About OpenBSD

OpenBSD is a free, multi-platform BSD4.4-based UNIX-like operating system (https://www.openbsd.org/) that integrates cutting-edge security technology. OpenBSD is used for a variety of technologies such as routers, firewalls, SMTP server, DNS server, and other applications.


The OpenBSD 7.0 AMI is not available natively on AWS and cannot be launched directly inside Amazon EC2. To launch an OpenBSD EC2 instance users need to use a public community AMI or create their own. This can be tricky if they are unfamiliar with AWS or OpenBSD.

AMI Creation Options

There are two options to create an AMI:

  1. Importing the AMI directly from a VMDK file. (VMDK is a complete and independent virtual machine originally created for VMware products. A VMDK file can quickly be created by exporting a virtual machine.)
  2. Importing the VMDK file as a snapshot and converting the imported snapshot into an AMI

Author’s Note: Due to AWS not recognizing my OS while importing the AMI, I was unable to create an AMI using the first option. We will hence be focusing on the second option for the rest of this article.

This article aims to provide readers with a concise tutorial that shows them how to create an AMI using the second option i.e. importing the VMDK file as a snapshot and converting the imported snapshot into an AMI.

AMI Creation — Tutorial


The following are the requirements to create the AMI:

  1. Shell access to OpenBSD > 6.5 which is vmm(4)* compatible and has internet access. (This means that you need to access native virtualization inside your machine.)
  2. 3GB or more free space in /tmp directory.

*vmm(4) is a driver used to execute virtual machines

Author’s Note: Please note that I tried to launch an OpenBSD VM inside VMWare/VirtualBox and wasn’t able to access virtualization. I ended up creating a dual-boot on an old computer.

For the rest of this tutorial, all the commands need to be executed inside an OpenBSD environment that meets the requirements mentioned above.

First, install some packages that will be needed later:

$ > pkg_add vmdktool git python py-pip

For Python, choose the 2.7 version.

Install the AWS CLI by running the following command:

$ > pip2.7 install awscli

Configure the CLI using AWS Access Key ID and Secret Access Key:

$ > aws configure
AWS Access Key ID: ***********************
AWS Secret Access Key: ***********************

Configuring OpenBSD

We will use a script made by Antoine Jacoutot (https://github.com/ajacoutot) that will build an OpenBSD image and then import it into the EC2 console.

Clone the repository by running the following command:

$ > git clone https://github.com/ajacoutot/aws-openbsd.git

Create an auto-partitioning template which is a file that defines the space for each partition:

/              250M
swap 80-256M 10%
/tmp 120M-4G 8%
/var 80M-4G 13%
/usr 900M-2G 5%
/usr/X11R6 512M-1G 3%
/usr/local 2G-10G 10%
/usr/src 1-2G 2%
/usr/obj 1.3G-2G 4%
/home 1G-* 45%

Author’s Note: Readers can modify this file according to their requirements to adjust partition sizes. (Documentation: http://undeadly.org/cgi?action=article&sid=20150505123418)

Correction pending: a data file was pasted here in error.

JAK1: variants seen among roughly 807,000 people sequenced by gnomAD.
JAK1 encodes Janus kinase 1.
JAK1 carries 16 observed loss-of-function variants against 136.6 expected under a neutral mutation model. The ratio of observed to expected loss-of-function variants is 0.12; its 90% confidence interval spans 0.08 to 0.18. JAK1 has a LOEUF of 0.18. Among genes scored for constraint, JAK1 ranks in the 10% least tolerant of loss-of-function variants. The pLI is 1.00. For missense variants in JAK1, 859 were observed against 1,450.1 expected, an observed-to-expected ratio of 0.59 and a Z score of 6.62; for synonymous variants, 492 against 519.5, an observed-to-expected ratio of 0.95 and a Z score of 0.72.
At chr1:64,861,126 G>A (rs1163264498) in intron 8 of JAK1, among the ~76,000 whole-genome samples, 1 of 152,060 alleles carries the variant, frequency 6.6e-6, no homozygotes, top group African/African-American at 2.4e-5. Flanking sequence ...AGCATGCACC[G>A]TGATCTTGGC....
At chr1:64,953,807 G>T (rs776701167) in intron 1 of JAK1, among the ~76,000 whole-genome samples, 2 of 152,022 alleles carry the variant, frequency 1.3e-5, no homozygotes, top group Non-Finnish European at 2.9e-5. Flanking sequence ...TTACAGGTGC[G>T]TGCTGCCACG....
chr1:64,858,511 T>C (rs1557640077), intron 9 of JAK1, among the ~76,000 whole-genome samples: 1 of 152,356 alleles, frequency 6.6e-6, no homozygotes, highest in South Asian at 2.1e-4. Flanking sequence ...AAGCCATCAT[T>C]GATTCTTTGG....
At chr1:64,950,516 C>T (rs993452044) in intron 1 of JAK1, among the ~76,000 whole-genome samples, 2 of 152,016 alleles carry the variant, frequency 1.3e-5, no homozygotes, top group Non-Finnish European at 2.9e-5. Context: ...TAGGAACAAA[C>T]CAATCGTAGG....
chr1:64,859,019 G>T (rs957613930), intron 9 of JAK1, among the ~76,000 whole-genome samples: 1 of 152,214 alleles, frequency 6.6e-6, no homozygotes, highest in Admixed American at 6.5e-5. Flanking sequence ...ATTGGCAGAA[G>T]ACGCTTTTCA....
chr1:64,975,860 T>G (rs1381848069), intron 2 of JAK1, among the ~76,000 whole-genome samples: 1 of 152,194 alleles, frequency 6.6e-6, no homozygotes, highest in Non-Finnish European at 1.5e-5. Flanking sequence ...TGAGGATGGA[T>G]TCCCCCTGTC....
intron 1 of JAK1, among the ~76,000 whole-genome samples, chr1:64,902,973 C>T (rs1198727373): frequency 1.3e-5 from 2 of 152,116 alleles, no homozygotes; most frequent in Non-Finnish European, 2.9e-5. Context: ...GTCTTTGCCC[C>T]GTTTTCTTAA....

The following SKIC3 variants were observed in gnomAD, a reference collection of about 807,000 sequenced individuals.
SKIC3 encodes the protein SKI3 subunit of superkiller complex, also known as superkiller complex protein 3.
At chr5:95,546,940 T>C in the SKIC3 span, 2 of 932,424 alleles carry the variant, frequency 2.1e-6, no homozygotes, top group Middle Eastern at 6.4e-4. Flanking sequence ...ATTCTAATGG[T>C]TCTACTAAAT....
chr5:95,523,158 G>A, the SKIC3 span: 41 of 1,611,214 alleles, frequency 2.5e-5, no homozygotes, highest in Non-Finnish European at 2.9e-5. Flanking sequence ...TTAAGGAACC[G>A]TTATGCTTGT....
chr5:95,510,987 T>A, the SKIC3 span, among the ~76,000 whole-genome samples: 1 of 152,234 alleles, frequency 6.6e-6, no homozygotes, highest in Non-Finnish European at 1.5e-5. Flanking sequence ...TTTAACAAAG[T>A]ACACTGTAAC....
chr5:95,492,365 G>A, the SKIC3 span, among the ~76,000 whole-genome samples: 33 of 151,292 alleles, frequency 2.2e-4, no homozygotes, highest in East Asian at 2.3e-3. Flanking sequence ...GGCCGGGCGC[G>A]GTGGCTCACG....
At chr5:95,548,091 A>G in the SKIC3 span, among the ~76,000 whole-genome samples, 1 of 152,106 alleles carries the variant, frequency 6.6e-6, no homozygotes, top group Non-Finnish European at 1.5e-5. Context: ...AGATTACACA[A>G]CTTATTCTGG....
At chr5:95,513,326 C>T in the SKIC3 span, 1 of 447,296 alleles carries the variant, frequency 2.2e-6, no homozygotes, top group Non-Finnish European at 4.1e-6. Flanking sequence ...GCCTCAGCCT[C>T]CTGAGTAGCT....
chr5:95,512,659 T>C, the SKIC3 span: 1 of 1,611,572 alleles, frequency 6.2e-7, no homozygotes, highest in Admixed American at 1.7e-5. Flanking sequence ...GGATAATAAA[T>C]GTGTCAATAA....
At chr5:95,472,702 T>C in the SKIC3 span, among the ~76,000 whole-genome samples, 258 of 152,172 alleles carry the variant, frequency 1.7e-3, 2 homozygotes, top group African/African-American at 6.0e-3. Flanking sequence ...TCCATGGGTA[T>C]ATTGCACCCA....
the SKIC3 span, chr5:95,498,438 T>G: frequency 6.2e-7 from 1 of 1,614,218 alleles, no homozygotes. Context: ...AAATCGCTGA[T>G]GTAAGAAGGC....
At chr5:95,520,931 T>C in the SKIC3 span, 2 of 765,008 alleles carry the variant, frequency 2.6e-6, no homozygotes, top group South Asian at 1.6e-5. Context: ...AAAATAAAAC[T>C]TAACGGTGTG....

Name the file autopartitioning and place it inside the repository folder. Remember the path of this file, it will be needed later.

The next step is to modify the script to enable the retrieval of the auto-partitioning template since the script does not do this by default.

To do this, edit the obsd-img-builder.sh . Go to the create_img()function and locate the following line:

cp ${_WRKDIR}/auto_install.conf ${_rdmnt}

Add the following below (Replace <path> by the parent folder of the auto-partitioning file.):

mkdir ${_rdmnt}/template
cp <path>/autopartitioning ${_rdmnt}/template/autopartitioning

Now go to create_autoinstallconf()function and locate this line:

What timezone are you in = UTC

Add the following line below:

URL to autopartitioning template for disklabel = file:template/autopartitioning

Running the Script

The script is now ready to be executed inside the OpenBSD environment.

Start by running the daemon that handles virtual machines. This daemon is needed to build the OpenBSD image:

$ > rcctl -f start vmd

Run the script (Replace <desired-size>with the size you want for your image. Note that the size is in GB and must be set according to the auto-partitioning template.

$ > ./obsd-img-builder.sh -r 7.0 -s <desired-size>

The AMI is now available inside the EC2 console under the My AMIs tab. This AMI can currently be accessed only by the user account. However, it can potentially be shared with other accounts as well by updating the AMI permissions.


OpenBSD is an ideal solution for companies looking to build secure firewalls and private network services. By following the steps detailed in this tutorial, readers can quickly create an OpenBSD 7.0 AMI on Amazon EC2.

About TrackIt

TrackIt is an Amazon Web Services Advanced Consulting Partner specializing in cloud management, consulting, and software development solutions based in Venice, CA.

TrackIt specializes in Modern Software Development, DevOps, Infrastructure-As-Code, Serverless, CI/CD, and Containerization with specialized expertise in Media & Entertainment workflows, High-Performance Computing environments, and data storage.

TrackIt’s forté is cutting-edge software design with deep expertise in containerization, serverless architectures, and innovative pipeline development. The TrackIt team can help you architect, design, build and deploy a customized solution tailored to your exact requirements.

In addition to providing cloud management, consulting, and modern software development services, TrackIt also provides an open-source AWS cost management tool that allows users to optimize their costs and resources on AWS.